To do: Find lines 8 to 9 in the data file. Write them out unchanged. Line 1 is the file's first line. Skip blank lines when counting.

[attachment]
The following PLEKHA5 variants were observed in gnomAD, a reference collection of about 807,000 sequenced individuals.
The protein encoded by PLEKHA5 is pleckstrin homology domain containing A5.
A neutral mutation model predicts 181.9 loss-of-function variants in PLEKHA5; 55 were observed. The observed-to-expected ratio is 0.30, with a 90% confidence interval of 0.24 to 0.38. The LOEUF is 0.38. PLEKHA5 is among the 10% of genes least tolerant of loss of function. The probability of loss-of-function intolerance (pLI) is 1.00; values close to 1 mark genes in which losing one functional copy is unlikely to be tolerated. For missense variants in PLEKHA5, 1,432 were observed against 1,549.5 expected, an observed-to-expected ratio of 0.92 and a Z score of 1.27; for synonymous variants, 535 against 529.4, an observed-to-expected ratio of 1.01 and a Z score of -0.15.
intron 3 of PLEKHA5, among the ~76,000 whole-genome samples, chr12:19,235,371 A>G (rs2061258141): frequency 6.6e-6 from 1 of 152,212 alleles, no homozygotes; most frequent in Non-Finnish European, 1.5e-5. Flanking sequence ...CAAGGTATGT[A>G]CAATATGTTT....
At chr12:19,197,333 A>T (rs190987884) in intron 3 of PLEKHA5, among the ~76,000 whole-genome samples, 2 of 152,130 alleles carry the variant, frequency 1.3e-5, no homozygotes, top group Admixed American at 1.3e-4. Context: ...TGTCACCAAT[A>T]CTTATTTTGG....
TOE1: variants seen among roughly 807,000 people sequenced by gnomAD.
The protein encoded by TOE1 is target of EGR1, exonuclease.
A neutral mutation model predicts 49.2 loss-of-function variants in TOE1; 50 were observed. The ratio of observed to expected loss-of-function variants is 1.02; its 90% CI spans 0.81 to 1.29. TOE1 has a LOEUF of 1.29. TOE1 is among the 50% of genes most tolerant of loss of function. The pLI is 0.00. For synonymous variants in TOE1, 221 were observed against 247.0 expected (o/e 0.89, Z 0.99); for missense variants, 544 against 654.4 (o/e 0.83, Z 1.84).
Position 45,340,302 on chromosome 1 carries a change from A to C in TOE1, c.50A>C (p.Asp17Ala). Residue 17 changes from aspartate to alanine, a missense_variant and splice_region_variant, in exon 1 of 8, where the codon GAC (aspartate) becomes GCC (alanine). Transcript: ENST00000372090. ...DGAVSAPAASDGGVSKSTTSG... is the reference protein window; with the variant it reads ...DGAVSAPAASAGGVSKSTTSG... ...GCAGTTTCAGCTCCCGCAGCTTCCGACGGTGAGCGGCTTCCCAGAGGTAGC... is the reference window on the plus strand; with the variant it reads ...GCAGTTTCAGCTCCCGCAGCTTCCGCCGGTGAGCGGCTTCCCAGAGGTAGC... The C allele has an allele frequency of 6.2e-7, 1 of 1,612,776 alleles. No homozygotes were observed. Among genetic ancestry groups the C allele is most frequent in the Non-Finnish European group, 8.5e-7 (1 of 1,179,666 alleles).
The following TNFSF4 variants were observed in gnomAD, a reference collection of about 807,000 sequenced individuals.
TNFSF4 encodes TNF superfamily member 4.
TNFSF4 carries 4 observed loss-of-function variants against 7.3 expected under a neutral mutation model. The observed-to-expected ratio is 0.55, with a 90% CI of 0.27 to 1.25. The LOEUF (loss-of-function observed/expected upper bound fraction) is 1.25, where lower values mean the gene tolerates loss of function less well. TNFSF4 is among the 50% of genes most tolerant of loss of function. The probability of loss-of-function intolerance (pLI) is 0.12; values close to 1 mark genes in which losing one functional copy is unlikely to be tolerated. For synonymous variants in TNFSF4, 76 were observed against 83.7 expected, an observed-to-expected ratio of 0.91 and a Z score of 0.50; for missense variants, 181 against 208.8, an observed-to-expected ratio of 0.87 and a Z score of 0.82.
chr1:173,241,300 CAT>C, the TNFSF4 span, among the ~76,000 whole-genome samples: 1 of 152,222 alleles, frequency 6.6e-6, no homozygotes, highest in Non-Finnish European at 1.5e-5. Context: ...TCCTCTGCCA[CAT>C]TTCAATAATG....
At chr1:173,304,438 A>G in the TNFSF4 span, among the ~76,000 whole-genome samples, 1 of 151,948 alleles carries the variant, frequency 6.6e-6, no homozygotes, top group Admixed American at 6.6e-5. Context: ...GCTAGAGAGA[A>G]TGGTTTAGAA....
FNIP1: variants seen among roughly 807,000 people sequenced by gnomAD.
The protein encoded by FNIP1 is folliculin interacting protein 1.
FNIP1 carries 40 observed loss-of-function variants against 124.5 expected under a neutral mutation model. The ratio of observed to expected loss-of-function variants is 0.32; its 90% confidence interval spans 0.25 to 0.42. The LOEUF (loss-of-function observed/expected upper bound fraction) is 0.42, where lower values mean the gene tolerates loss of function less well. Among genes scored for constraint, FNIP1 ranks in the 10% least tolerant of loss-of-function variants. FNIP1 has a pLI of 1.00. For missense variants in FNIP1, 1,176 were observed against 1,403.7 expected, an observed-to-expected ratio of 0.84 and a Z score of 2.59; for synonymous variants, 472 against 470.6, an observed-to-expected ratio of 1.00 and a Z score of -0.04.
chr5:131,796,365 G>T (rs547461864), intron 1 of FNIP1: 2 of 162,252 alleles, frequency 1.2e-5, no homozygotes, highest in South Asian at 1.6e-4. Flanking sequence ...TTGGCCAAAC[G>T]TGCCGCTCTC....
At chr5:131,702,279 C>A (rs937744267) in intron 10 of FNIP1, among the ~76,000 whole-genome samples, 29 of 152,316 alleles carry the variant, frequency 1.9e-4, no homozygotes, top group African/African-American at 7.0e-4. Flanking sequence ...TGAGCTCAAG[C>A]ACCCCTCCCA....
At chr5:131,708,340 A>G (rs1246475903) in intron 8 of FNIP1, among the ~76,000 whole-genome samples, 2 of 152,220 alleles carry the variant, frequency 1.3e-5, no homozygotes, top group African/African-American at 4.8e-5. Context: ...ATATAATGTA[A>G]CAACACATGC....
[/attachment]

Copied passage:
A neutral mutation model predicts 49.2 loss-of-function variants in TOE1; 50 were observed. The ratio of observed to expected loss-of-function variants is 1.02; its 90% CI spans 0.81 to 1.29. TOE1 has a LOEUF of 1.29. TOE1 is among the 50% of genes most tolerant of loss of function. The pLI is 0.00. For synonymous variants in TOE1, 221 were observed against 247.0 expected (o/e 0.89, Z 0.99); for missense variants, 544 against 654.4 (o/e 0.83, Z 1.84).
Position 45,340,302 on chromosome 1 carries a change from A to C in TOE1, c.50A>C (p.Asp17Ala). Residue 17 changes from aspartate to alanine, a missense_variant and splice_region_variant, in exon 1 of 8, where the codon GAC (aspartate) becomes GCC (alanine). Transcript: ENST00000372090. ...DGAVSAPAASDGGVSKSTTSG... is the reference protein window; with the variant it reads ...DGAVSAPAASAGGVSKSTTSG... ...GCAGTTTCAGCTCCCGCAGCTTCCGACGGTGAGCGGCTTCCCAGAGGTAGC... is the reference window on the plus strand; with the variant it reads ...GCAGTTTCAGCTCCCGCAGCTTCCGCCGGTGAGCGGCTTCCCAGAGGTAGC... The C allele has an allele frequency of 6.2e-7, 1 of 1,612,776 alleles. No homozygotes were observed. Among genetic ancestry groups the C allele is most frequent in the Non-Finnish European group, 8.5e-7 (1 of 1,179,666 alleles).